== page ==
Franke’s Character of Theology

Franke’s Character of Theology September 20, 2005

John Franke’s new book, The Character of Theology: An Introduction to Its Nature, Task, and Purpose, promises to be a study of theology that will enable (what I have elsewhere called) a purple theology. In other words, it is postconservative and postliberal.
In this post I will look briefly at the first chapter, “Doing Theology Today.” This chapter is an exceptionally lucid place to begin for a theological student or a philosophical student. It surveys “where we are” and, in particular, where Franke himself is in the larger scheme of theological studies today.

A Brief on the First Chapter:
Franke situates what it means to do theology today in several contexts. The postmodern context leads to a chastened claim for what we can know and for the need to be constantly reforming our theological claims. The theological debate finds two opposing views: liberal thinking and evangelical (conservative) thinking. Franke situates himself in both of these contexts: he is both postmodernist and he is post-conservative. Theology for Franke is an ongoing reflection by the Church and for the life of the Church.
More Detailed Analysis
For my take, his book is a briefer but similar attempt that one finds in George Lindbeck’s The Nature of Doctrine and Kevin Vanhoozer’s The Drama of Doctrine. Lindbeck grounds theology in the Church’s description of itself, while Vanhoozer grounds it in the canonical script. It will be interesting to see where Franke comes out on these issues, and see how he compares to Lindbeck and Vanhoozer.
Franke begins by rehearsing the proposals he made with Stan Grenz on the postmodernist enterprise, and he offers some summary statements that put lots of thinking together. He knows the conservative worry about the postmodern supposed threat to truth and the charge of atheism, but he is conversant here with Merold Westphal and finds both good and bad in postmodernity — and some of it quite conducive to the Christian faith.

What Franke does to help everyone is to say that he sees postmodernity primarily as a rejection of the central features of modernity, such as its quest for certain, objective, and universal knowledge. This anti-stance is central to postmodernity — and it made me think immediately of the charge so many are hearing that the emerging movement is essentially an anti-movement (usually anti-evangelical, or church as it is currently done). There is something to this, and no one should deny it.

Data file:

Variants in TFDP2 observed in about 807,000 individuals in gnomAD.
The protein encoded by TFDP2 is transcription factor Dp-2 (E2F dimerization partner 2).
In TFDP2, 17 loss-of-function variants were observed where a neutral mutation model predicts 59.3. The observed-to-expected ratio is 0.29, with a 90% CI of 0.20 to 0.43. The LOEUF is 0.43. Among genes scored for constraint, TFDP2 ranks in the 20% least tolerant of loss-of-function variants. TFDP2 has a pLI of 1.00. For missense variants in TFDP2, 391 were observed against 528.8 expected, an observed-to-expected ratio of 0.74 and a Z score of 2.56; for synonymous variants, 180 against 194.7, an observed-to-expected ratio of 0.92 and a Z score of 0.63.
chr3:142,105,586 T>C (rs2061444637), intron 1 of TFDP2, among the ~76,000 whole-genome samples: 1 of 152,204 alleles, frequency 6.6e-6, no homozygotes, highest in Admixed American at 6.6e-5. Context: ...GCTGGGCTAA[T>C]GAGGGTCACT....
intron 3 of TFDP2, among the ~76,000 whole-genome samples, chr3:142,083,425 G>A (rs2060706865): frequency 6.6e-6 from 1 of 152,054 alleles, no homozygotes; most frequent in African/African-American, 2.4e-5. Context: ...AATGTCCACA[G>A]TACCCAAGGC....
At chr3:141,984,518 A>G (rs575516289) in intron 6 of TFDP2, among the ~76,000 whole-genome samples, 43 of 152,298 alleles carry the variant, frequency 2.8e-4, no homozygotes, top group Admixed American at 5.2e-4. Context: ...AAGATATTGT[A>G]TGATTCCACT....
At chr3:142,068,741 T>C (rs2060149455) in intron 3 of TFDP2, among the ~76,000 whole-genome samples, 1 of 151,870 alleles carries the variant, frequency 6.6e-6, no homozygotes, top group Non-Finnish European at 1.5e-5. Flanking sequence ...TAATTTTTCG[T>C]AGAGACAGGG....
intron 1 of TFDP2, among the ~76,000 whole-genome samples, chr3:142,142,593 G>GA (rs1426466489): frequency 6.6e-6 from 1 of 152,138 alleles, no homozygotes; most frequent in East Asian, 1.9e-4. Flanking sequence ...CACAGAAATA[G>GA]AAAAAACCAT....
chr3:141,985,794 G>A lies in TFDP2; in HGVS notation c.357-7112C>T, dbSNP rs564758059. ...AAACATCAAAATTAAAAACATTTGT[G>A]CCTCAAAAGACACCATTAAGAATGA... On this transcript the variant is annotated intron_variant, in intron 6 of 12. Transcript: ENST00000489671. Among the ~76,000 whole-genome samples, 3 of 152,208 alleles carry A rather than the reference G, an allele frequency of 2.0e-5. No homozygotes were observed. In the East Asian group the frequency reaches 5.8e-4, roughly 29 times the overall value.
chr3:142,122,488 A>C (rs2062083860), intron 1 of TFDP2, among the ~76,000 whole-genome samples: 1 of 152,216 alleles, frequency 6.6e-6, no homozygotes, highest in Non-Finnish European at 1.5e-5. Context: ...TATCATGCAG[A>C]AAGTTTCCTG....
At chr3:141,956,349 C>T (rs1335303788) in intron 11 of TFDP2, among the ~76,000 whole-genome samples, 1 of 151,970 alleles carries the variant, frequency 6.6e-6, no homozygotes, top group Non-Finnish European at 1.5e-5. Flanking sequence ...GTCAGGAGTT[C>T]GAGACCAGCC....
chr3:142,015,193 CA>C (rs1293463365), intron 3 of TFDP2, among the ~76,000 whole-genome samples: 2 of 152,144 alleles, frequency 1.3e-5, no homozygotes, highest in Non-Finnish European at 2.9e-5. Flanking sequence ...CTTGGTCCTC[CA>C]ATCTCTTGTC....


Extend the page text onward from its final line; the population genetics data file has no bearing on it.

Franke moves into the linguistic turn, which I think is so central to postmodernity and to the emergent vision for theology, but which many of its critics fail to think about enough. In essence it is this: theology is a linguistic enterprise that partakes in the fallenness of humans and their minds and the articulations. I’ve said this several times, and won’t repeat myself: but our theological articulations are not infallible.
He also deals with the nonfoundationalist turn. Humans are, Franke says, situated and contextual in their rational work. Thus, epistemic foundationalism is neither possible nor desirable for fallen humans. (I happen to think this is the healthy and inevitable understanding of what Scriptures teach about human knowledge.)

Then Franke maps the current theological landscape into liberal revisionists and liberal postliberals, and then into evangelical traditionalists and evangelical reformists. Liberal postliberals and evangelical reformists have much in common.
Finally, Franke defines theology and breaks it into three categories: its nature as an ongoing, second-order, contextual discipline), its task (critical and constructive reflection on the beliefs and practices of the Church) and its purpose (assisting the community of faith in its missional vocation in its given location).
At this point, I have some questions (and I haven’t peeked ahead):
Where will he begin his theological construction? Will it be with Jesus or Paul?
How trinitarian will it be?
Will he operate with a flat Bible or a contoured Bible?
Will praxis shape some of his theology or will praxis follow, in the traditional model, from theology?
What will his telos be for governing the flow of a theology? Where is it headed?
Will his understanding of gospel be sufficiently relational?
Well, these are unfair since I don’t know what he will be doing. Further, these very questions may prove I don’t even know what he will be doing. This a weblog, not a review for a professional journal.
But, at the end I’ll come back to these to see what I think.

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